can you help me on how to convert the numbers into words .
here is my example on how to do that program but im not sure if this is a correct program..
#<iostream.h>
#<conio.h>

int ones,tens,hundreds
main()
{
cout<<"ENTER NUMBER";
cin>>number;
cout<<"ENTER ONES";
cin>>ONES;
if(number==1);
cout<<"one";
else if(number==2);
cout<<"two";
else if(number==3);
cout<<"three";
else if(number==4);
cout<<"four";
else if(number==5);
cout<<"five";

ang so on and so forth ,,,

--this program that i make is too long ..how can i make a short program?help me ..

Use arrays for the strings.

Your comment could have been more descriptive and helpful.

Use arrays for the strings.

By building on what WaltP said, I'm afraid even if you use an array for the strings, ur code will still be long, although not as sequential as you posted it. Solutions I can think of may be optimal but still not short.

look at similar threads.
try to think to implement a class

I think that the first thing to do is to get a container for all the unique words that describe numbers (not compounded). If in English, that's not very hard or very many. The unique numbers run from 0 to 19, then 20-30-40..90 and 100-1000-1000000.., everything else is a compounded of these unique words. I would suggest you use a std::map<int, std::string> to store the associations of the numbers with the corresponding word, but only for those unique numbers. As so:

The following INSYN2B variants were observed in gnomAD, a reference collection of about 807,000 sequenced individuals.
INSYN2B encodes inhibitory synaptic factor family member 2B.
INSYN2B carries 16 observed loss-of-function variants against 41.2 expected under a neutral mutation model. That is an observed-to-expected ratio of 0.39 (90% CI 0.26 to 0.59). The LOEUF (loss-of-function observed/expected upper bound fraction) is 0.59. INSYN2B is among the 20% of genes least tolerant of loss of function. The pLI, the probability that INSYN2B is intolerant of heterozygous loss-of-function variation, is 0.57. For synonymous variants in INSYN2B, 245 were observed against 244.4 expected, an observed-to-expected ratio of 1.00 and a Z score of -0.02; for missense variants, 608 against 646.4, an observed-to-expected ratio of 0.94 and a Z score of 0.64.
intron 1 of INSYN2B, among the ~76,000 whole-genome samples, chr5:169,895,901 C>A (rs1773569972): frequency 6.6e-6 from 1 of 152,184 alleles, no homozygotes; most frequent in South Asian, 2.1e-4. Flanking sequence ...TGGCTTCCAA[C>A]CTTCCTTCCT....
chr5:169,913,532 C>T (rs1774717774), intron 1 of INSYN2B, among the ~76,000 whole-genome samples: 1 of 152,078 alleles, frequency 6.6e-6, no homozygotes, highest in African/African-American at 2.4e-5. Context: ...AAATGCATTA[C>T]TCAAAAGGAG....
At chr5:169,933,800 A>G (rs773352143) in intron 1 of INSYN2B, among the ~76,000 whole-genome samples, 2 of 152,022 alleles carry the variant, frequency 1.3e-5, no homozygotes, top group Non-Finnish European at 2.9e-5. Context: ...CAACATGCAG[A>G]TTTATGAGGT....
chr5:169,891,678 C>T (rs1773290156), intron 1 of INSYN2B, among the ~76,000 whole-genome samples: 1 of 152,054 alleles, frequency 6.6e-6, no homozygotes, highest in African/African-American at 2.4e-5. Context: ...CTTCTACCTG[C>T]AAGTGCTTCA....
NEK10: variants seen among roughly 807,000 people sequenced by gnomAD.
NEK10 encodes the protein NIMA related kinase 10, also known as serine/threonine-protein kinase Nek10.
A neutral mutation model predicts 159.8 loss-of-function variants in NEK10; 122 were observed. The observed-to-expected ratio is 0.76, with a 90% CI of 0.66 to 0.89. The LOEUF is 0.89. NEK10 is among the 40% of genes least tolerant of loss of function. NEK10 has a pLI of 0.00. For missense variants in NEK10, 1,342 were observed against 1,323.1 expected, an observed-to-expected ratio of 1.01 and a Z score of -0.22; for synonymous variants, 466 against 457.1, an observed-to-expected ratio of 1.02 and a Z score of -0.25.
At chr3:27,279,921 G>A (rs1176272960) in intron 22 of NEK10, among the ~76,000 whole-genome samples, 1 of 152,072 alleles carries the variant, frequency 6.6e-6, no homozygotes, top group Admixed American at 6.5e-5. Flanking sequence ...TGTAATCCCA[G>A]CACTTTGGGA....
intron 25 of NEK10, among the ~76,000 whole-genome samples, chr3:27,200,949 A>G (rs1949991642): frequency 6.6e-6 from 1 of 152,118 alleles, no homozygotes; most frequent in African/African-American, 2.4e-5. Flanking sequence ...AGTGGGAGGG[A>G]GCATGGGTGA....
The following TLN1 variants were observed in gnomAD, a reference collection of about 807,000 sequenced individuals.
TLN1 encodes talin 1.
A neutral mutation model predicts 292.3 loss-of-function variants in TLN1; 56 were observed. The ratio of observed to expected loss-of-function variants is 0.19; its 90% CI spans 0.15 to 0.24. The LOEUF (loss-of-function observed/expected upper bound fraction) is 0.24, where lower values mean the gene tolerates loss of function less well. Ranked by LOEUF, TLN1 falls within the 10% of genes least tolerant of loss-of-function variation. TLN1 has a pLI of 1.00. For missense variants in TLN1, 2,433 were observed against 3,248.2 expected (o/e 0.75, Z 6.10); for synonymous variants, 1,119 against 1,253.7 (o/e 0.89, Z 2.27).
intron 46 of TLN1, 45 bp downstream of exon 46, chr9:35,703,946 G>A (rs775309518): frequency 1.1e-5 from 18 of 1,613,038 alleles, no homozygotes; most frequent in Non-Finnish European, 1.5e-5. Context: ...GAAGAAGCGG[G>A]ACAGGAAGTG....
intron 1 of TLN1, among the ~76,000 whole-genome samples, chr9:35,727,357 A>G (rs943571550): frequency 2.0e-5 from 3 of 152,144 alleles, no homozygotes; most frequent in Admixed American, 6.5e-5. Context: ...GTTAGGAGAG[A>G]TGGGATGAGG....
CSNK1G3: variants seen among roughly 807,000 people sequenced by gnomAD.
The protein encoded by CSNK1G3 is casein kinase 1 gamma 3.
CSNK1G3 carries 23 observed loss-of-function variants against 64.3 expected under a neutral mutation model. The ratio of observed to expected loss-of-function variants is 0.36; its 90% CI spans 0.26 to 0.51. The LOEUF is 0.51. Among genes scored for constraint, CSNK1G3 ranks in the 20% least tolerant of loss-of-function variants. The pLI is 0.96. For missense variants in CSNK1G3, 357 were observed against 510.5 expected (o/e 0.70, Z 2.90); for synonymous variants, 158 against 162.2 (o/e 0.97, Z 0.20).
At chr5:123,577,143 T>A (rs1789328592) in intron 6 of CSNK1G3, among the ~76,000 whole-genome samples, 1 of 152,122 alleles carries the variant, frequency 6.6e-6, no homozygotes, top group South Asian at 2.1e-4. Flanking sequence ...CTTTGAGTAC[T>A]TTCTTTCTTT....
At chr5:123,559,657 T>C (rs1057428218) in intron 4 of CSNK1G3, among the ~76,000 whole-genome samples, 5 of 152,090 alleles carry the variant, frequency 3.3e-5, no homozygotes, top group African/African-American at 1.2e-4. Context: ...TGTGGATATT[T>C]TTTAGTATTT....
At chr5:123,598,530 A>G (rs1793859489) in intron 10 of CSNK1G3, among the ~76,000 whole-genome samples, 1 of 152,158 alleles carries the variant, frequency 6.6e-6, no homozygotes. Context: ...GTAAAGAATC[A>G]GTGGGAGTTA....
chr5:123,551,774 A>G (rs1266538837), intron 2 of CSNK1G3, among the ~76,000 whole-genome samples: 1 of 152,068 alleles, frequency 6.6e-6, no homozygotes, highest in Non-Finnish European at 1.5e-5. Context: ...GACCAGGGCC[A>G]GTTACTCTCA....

``````#include <map>

int main() {
std::map<int, std::string> num_words;
num_words = "zero";
num_words = "one";
num_words = "two";
...
num_words = "nineteen";
num_words = "twenty";
num_words = "thirty";
...
num_words = "ninety";
num_words = "hundred";
num_words = "thousand";
num_words = "million";
num_words = "billion";
....

};``````

At this point, you can devise grammar rules to compound those number-words to construct any given number (up to some maximum). The first rule could be:

``````cout<<"ENTER NUMBER";
cin>>number;

if( number < 21 )
cout << num_words[number]; //all numbers from 0 to 20 are not compounded.
else if( number < 100 ) {
cout << num_words[ (number / 10) * 10 ]; //extract the ten-multiple.
if( number % 10 != 0 )
cout << "-" << num_words[ number % 10 ]; //extract the last digit (1 to 9).
} else ....
//... so on for more complicated rules.``````

By building on what WaltP said, I'm afraid even if you use an array for the strings, ur code will still be long, although not as sequential as you posted it. Solutions I can think of may be optimal but still not short.

I don't think 70 lines is that long. 38 lines of actual code from `int main()` to `return 0;`